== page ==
We continue our focus on Fernham’s focus on Sylvia Beach and The Letters of Sylvia Beach with an excerpt from the second part of what will be a four-part interview between Anne Fernald, who writes the blog, and Keri Walsh, editor of The Letters. (Here are part one and part two.)
In the interview, Fernald and Walsh discuss among other things Sylvia Beach herself, Paris in the 1920s, Virginia Woolf, and working in archives. The whole discussion is fascinating but here is Keri Walsh on the remarkable relationship between James Joyce and Sylvia Beach:
Beach shared Joyce’s love for language, and she took pleasure in playing around with words. Her earliest letters show her punning with advertisements, just as Joyce would do in the Aeolus section of Ulysses. And they both liked to kid around with Shakespeare. Ulysses includes some funny burlesques of Hamlet, and Stephen Dedalus is a bit of a comic Hamlet. The first thing that bonded them when they met at a Paris party was Joyce’s amusement at the name of her bookstore, Shakespeare and Company. He took out a pen to write down the name of the shop, and he came by to visit the next day.
In addition to their shared comic sensibility and her tremendous admiration for his writing, Beach did understand that there were professional advantages in being associated with Joyce: “Ulysses is going to make my place famous,” she predicted in a letter, and it did. The daily presence of Joyce at Shakespeare and Company created an aura around the shop, and that aura drew other writers and creative people. His faith in Beach consolidated her status as a taste-maker and champion of the avant-garde.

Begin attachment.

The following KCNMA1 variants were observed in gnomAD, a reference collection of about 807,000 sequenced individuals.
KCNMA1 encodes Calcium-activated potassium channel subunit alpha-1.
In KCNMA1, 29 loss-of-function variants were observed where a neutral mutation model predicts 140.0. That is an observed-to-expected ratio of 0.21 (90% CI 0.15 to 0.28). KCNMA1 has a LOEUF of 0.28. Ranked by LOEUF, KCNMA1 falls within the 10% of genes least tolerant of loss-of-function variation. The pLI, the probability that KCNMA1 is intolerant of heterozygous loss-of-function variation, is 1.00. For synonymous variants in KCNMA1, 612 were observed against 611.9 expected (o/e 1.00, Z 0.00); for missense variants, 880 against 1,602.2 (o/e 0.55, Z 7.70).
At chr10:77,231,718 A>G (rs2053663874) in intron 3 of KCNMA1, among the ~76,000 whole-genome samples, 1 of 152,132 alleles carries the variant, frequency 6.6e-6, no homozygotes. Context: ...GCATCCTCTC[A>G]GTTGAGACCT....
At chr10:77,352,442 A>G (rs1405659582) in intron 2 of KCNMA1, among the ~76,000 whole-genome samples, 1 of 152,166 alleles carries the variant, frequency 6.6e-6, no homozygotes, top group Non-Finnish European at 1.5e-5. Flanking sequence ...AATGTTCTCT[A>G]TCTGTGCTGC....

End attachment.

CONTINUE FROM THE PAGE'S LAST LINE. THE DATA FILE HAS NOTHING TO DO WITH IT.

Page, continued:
So there were some idealistic and some practical reasons why Beach went out of her way for Joyce: her earnest desire to help an artist she believed in, one who was having difficulty getting his work to print, and the status he conferred on her business. But ultimately, it’s still difficult to explain just why she handed over her life to Joyce for ten years, putting herself in constant financial risk and exacerbating her migraines with all the demands attendant upon publishing Ulysses: the huge, constantly-changing manuscript; the fact that to fund the book she needed to get subscribers in advance; the lack of copyright protection in England and America which meant that she also had to fight against the piracy of the book; Joyce’s poor health; the needs of his family. She never put herself on the line for any other writer in this way. Many biographers and memoirists have mentioned Joyce’s personal charisma—his manner of speaking, his beautiful eyes, his good manners and his slightly antique formality (they always called each other “Mr. Joyce” and “Miss Beach”) and the reputation that preceded him as the author of Dubliners and Portrait—and so maybe, at a certain point, we have to appeal to that “Joyce Effect.” Sylvia Beach wasn’t the only person to go out of her way for him. He inspired loyalty and love, in spite of his many trying qualities.